Freitag, 16. September 2016

The Big Yak

Saturday morning. The alarm rings at 5:30am. Time to fly to London for the The Big Yak!

The Big Yak is an un-conference about internal communications.
Professionals meet to share their experiences and discuss.

Un-conference means that there is no fixed agenda.
If anyone wants to talk about a specific topic, they can bring it up on a post-it, and the moderators put it in a timeslot.
There were 6 rooms, with 5 sessions each, so overall 30 sessions.

Sessions could be very small and intimidate, just a few people helping each other in a safe place.
Or they could be much larger, when more people are interested in a general interest topic like "The ROI of internal comms".

Most of the attendees were also on Twitter and tweeted live with the hashtag #thebigyak.

Some of my take aways had been around employee engagement, tools, surveys, Enterprise Social Networks, and people.

I met people in real life that I had only knew from Twitter.

I can really recommend The Big Yak.
If you are in London and interested in internal comms, do not miss it the next time.
It is free, it is fun, you can learn a lot, and you can meet like-minded people and connect with them.

Dienstag, 13. September 2016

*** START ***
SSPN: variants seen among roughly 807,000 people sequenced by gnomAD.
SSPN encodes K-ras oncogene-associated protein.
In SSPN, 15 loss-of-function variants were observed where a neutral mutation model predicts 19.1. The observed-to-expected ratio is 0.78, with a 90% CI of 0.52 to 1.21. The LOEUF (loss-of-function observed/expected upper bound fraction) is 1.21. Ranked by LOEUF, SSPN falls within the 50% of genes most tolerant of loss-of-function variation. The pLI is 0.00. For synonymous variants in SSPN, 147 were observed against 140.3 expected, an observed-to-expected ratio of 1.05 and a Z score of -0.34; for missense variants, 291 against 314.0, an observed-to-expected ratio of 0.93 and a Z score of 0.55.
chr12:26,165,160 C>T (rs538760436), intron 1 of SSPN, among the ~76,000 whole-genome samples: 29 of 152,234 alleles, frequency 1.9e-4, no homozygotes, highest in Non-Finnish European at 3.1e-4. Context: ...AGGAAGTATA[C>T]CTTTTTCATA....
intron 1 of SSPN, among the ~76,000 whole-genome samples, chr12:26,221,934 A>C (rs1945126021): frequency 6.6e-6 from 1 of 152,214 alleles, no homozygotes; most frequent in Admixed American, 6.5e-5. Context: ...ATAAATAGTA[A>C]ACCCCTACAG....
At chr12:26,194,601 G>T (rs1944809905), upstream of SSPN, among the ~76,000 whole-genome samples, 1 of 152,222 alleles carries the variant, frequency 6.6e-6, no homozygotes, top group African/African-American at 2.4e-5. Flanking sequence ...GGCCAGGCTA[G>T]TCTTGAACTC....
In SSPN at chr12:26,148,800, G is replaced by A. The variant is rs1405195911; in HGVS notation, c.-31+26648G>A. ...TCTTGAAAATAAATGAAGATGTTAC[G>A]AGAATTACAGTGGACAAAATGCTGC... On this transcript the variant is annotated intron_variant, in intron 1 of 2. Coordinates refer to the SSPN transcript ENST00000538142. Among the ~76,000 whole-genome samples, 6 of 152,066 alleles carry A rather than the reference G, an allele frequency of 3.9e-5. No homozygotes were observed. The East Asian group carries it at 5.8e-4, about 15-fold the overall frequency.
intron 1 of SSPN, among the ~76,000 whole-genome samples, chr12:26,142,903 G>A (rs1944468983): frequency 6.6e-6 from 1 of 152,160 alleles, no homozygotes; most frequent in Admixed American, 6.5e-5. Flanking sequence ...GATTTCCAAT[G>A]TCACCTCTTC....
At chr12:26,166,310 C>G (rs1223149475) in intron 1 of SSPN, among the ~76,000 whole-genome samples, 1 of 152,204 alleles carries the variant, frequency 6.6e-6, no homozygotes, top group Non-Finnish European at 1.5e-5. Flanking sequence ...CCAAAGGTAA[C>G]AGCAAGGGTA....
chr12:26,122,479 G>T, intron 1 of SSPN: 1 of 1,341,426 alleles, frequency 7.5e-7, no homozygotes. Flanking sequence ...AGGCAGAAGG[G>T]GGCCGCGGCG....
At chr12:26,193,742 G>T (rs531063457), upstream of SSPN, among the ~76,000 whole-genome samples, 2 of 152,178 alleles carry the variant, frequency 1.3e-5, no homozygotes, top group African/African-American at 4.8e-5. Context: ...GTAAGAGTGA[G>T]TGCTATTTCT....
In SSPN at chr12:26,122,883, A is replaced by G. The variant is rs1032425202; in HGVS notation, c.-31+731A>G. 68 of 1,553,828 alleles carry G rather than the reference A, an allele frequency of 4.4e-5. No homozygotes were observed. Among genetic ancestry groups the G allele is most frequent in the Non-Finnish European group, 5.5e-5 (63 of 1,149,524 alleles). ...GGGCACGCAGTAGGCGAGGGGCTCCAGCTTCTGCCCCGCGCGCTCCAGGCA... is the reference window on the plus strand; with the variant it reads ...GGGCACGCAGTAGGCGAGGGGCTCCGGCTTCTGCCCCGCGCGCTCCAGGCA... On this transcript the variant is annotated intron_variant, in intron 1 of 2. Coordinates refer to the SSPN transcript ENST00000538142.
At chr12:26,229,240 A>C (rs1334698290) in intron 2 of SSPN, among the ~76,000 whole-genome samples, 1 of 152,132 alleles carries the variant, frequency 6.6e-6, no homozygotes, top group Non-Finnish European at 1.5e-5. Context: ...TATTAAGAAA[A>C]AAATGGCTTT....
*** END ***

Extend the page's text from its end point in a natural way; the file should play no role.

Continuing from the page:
Fuckup Nights and the Report Abuse Button

If you are already irritated by the first word of the headline of this post, you are not alone, and I am really sorry.
It is not meant as a profanity, but is mentioned for a legit reason:
"Fuckup Nights is a global movement born in Mexico in 2012 to share publicly business failure stories. Hundreds of people attend each event to hear three to four entrepreneurs share their failures. Each speaker is given 7 minutes and is able to use 10 images. After each speaker, there’s a question/answer session, as well as time for networking (beers)".
So it is actually a good thing, but the name might scare some people, especially in a professional environment.

Our Collaboration Platform has, as a process for governance, a link to report abuse right next to each piece of content. Anyone can click on it.
See as an example any content in the Jive Community . If you click on Report Abuse in the Jive Community, you get this pop up:

You can choose from a list of categories and add a comment:

Then a process starts. This process might change over time, but it is impotant that you have a defined process, and that you have defined the process before the launch of the platform.

So if you have posted about a Fuckup Night and anyone clicks on Report Abuse, you might get such an email:

Reporting an abuse happens in average a few times per month. To gain trust and demonstrate transparency, it is a good habit to monthly publish the numbers of Report Abuse per category and month on the platform itself.

Abonnieren per Email